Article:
Minha Kim on Playing Sunja in AppleTV+'s Pachinko
Minha Kim Steps Into the Spotlight in AppleTV+'s "Pachinko"
Apple TV+'s newest series, "Pachinko," takes place over 70 years in Japan, Korea, and America. Based on the bestselling novel of the same name, the first season of "Pachinko" follows the life of one family and the woman at the center keeping it all together: Sunja.
Viewers see Sunja at three different stages in her life: as a child, a teenager, and an elderly woman. Oscar-winner Yuh-jung Youn plays the eldest Sunja, while newcomer Minha Kim was tasked with portraying teenage Sunja, whose brush with romance sets her on an unpredictable course. "The novel itself is amazing and contains a lot of beautiful stories," Kim says. The 2017 novel, written by Korean-American author Min Jin Lee, was not only a huge bestseller, but it was also a finalist for the National Book Award. "All the individual characters have their own histories, they have their own stories. When their whole stories are combined, it becomes one big epic story," Kim explains.
In the show, Sunja grows up with her parents, helping them run a boarding house in Busan during the Japanese occupation of Korea. When her father passes away, she and her mother (played by Inji Jeong) run the boarding house with the help of two sisters (Yeji Yeon and Bomin Kim). Kim says that these were some of the easiest scenes to play. "Especially with my mom, we had a very, very strong connection, and we had very great chemistry. It reminds me of my actual mom when I have to do the performance with Inji and also the sisters in the boarding house," she explains.
When Sunja moves to Japan, she also forges a strong relationship with her sister-in-law, Kyunghee (Jung Eun-chae). "She's my only sister in that foreign country so I had to rely on her, and sometimes she relies on me," Kim says, noting that all the women in the story have a natural-born survival instinct that acts as "spark" to keep them going.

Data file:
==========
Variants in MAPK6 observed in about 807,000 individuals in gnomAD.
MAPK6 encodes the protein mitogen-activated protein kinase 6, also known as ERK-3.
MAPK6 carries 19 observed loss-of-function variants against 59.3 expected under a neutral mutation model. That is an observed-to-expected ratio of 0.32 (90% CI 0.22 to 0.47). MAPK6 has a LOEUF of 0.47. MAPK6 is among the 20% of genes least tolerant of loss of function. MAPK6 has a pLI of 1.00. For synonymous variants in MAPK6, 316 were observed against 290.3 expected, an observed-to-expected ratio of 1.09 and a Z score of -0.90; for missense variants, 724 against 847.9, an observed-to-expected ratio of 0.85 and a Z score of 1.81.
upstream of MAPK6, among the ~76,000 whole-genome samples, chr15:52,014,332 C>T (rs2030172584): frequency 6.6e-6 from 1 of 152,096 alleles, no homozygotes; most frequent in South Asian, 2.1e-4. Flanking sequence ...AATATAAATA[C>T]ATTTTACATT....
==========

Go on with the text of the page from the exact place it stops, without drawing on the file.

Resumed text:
At the boarding house, Sunja cooks for the men who stay there, including making batches of brightly colored kimchi. Sunja's love of cooking plays an important role throughout the series and is essential to her family's survival in Japan. Kim says, "Food to Sunja is not just food to eat. It's more about communication and more about the language and about her heart and contains a lot of emotional things."
However, Sunja's life is turned upside down when she meets the secretive Hansu, played by K-drama superstar Lee Minho. The two quickly fall for each other, but being together is complicated. Instead, Sunja ends up marrying Isak (Steve Sanghyun Noh), a pastor who stayed at the boarding house and who takes her away to Japan. As a result, Sunja does not return to Korea until she's an old woman. "It [is] not a normal romance story," Kim says of the love triangle at the heart of the show. "They [have] a lot of obstacles and [have] to suffer so many things."
Kim explains that throughout the show, Sunja continues to learn about the nature of love and the responsibility a person has to their family. "Even though it's about romance and it contains a lot of love stories, I believe it's also a story of growing up for Sunja," she says.
According to Kim, Sunja's main goal is just to make it through the hard situations she finds herself in, even if the men in her life can't be counted on. She explains, "The one thing that Sunja's always trying to do is survive in all the situations. All she's focusing on is to protect her family and to protect herself, and how to identify herself and survive."
One of the biggest challenges the show faced was making sure all three Sunja actresses — Yuh-jung, Kim, and Yuna, who played Sunja as a child — felt like the same person. "We had very little time to have a conversation with each other, [but] we kind of felt like we all had the same feelings and the connections," Kim explains.
To Kim, the most important thing about Sunja is her resilience, which leads the family through some of the hardest times in their lives. She hopes that viewers identify with Sunja's struggles and emotional journey as she tries to endure. "We are doing it together. We are suffering it and living on together," she says.
The first three episodes of "Pachinko" premiere March 25 on Apple TV+.